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Cut to common cloth

America was shaped for sinners, not saints

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As a child of the '60s my heroes came from television. Andy Griffith, Rob and Laura Petrie, Michael Landon's Little Joe and Hoss molded for someone who'd never left the South the image of what it meant to be an American. For a time I wore a POW bracelet bearing the name of Adm. Jeremiah Denton that also fired my imagination. During Denton's seven years' captivity in the Hanoi Hilton, Girl Scout meetings were consumed with learning Morse code after he gave his famous interview, blinking with his eyes the word "t-o-r-t-u-r-e" as he spoke to the camera.

Then came Watergate, and what it meant to be an American got interesting: As the presidency crumbled I remained glued to hearings of the Senate select committee conducted under the chairmanship of the plain-spoken senator from North Carolina, Sam Ervin. Cheeks warbling as if in the clutch of a phantom chaw of tobacco, Ervin quoted long passages from the Old and New Testaments, Mark Twain, or Shakespeare as suited the moment, without note or teleprompter.

When Nixon first refused to let his aides testify before the committee, Ervin erupted: "Divine Right went out with the American Revolution and doesn't belong to White House aides. What meat do they eat that makes them grow so great?"

All this, long before we were a Colbert Nation.

Yet even Stephen Colbert, in his 2007 I Am America (And So Can You!) recognized that American heroes are "people who did not skip ahead." I myself was eager to skip but I was learning from both the heroes and rogues of my time.

Today I spend more time thinking about who it is my children are looking to as earthly citizen models. Who defines our age and country on its 233rd birthday? It is still the dawn of a new century but some of my children may live to see its closing days. In this century there are no bracelets for the Special Forces who stormed Tora Bora in December 2001. Television serves up Jon and Kate as über-Americans, reality-based and anti-hero. Summer reading lists are chockablock fiction, leaving little room for real-life stories of contemporary Americans.

Students! Read Three Cups of Tea and learn what an American can do in Afghanistan. Read War Child and learn from where Emmanuel Jal and his hip hop came. Read One Billion Customers and decide to do business with China. Read Mountains Beyond Mountains and be a doctor in Haiti. Read The Panic of 1907 to understand the Panic of 2008. These aren't necessarily my favorites among nonfiction Americana, but my way of saying that the fields are white for harvest. Christians spend too much time fussing about America and its Americans and not enough time fixing things.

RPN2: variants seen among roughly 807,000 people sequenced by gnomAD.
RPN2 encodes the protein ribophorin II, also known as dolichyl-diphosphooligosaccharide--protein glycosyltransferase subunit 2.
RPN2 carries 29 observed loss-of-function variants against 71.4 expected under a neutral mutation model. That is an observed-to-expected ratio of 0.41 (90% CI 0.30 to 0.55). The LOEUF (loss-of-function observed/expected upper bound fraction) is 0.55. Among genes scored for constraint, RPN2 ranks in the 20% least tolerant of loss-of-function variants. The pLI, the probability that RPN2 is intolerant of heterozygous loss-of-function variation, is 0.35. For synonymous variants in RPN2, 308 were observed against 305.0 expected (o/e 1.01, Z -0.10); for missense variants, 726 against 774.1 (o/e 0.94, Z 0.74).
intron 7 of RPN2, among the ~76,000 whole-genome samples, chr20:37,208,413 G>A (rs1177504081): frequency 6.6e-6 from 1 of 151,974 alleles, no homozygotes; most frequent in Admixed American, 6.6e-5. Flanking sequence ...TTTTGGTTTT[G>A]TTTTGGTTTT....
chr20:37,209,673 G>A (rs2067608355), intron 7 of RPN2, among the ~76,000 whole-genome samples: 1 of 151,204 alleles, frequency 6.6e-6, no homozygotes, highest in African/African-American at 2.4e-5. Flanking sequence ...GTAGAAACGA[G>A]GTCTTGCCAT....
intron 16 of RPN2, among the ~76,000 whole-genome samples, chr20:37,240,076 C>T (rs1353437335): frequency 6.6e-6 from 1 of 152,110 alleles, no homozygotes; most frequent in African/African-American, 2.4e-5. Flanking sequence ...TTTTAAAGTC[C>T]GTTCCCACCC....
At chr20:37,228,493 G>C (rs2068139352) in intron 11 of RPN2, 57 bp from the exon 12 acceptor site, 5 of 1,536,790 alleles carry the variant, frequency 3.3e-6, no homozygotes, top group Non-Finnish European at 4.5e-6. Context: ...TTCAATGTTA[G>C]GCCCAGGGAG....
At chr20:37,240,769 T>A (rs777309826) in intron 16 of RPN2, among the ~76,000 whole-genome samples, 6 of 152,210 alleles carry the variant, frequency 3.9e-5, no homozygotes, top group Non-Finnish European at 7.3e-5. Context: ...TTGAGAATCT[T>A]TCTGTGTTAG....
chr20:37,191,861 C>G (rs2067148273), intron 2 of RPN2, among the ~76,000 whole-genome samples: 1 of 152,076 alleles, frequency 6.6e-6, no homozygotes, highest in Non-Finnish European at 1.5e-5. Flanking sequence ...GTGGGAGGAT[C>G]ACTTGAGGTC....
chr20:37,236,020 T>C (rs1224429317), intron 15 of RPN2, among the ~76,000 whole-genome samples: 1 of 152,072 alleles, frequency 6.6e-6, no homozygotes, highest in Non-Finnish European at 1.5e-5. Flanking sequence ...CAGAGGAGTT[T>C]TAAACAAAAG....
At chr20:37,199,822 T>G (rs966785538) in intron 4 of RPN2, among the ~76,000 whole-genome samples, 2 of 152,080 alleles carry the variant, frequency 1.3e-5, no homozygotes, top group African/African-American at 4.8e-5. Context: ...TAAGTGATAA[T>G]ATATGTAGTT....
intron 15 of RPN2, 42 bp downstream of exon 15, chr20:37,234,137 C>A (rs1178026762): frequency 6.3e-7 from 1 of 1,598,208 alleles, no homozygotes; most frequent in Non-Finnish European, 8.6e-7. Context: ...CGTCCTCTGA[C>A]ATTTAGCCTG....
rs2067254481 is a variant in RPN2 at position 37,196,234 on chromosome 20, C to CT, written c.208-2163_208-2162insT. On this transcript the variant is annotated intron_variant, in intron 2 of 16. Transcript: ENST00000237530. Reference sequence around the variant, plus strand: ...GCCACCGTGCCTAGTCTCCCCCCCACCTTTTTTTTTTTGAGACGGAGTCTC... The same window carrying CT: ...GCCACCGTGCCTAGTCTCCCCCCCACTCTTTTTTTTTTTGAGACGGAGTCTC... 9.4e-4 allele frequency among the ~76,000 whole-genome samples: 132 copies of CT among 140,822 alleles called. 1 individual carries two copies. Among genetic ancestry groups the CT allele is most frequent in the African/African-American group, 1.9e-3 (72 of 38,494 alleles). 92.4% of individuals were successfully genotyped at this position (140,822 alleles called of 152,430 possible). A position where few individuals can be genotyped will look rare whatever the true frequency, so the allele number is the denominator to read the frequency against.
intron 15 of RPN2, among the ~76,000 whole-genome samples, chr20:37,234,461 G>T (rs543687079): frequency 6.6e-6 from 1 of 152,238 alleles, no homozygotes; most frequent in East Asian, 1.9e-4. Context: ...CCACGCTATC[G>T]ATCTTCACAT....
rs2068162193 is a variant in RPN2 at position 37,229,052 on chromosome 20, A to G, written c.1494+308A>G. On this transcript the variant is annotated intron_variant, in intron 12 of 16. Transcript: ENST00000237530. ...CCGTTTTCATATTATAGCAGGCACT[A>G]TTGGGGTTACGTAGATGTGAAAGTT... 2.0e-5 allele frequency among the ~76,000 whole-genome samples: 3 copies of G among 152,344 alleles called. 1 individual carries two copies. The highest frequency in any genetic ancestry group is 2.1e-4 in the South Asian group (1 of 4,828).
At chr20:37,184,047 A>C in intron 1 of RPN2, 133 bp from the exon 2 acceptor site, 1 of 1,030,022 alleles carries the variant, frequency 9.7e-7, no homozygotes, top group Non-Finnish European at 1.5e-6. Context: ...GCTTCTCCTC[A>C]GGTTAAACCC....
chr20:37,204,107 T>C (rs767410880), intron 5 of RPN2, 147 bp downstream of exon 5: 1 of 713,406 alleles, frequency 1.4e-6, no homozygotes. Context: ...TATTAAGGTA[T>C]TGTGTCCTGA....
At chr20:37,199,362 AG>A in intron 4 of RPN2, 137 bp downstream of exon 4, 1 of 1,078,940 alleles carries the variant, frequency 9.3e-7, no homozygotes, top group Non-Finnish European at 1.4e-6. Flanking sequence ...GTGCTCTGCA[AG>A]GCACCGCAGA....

Which brings me to our Founding Fathers, God bless them. As Michael Novak points out in his classic must-read The Spirit of Democratic Capitalism, also not, as far as I can tell, on anyone's summer reading list, the fathers thought a lot about who Americans really are, and "they strove manfully to design institutions proportionate not to angels or to saints but to sinners."

Tempted by perfectionism and utopian ideals in the New World, "They chose as their model citizen . . . neither the saint nor the preacher, neither the hero of war nor the aristocrat, neither the poet nor the philosopher, neither the king nor the peasant, but the free men of property and commerce."

Said Novak, the Founders considered such men "more common, more visibly human both in virtues and in vices, thus cut to the size of sinfulness and plain expectation." Jesus, after all, was a carpenter. There would be room enough within their system "for every form of heroism and high virtue, noble thought and brilliant deed. But the system as a system was cut to common cloth."

Not every American can be a war hero or a television star, but free men of property and commerce are everywhere and never more endangered than this July Fourth. Men and women in Washington want not only to tax and tax them but also to shut their car dealerships or tell them what color to paint the building roof (white). We are not yet so old a country to have vanquished the practitioners of the Divine Right of Kings. So how about a ration on the meat they eat? If you have a question or comment for Mindy Belz, send it to

Mindy Belz

Mindy is a former senior editor for WORLD Magazine and wrote the publication’s first cover story in 1986. She has covered wars in Syria, Afghanistan, Africa, and the Balkans, and she recounts some of her experiences in They Say We Are Infidels: On the Run From ISIS With Persecuted Christians in the Middle East. Mindy resides with her husband, Nat, in Asheville, N.C.



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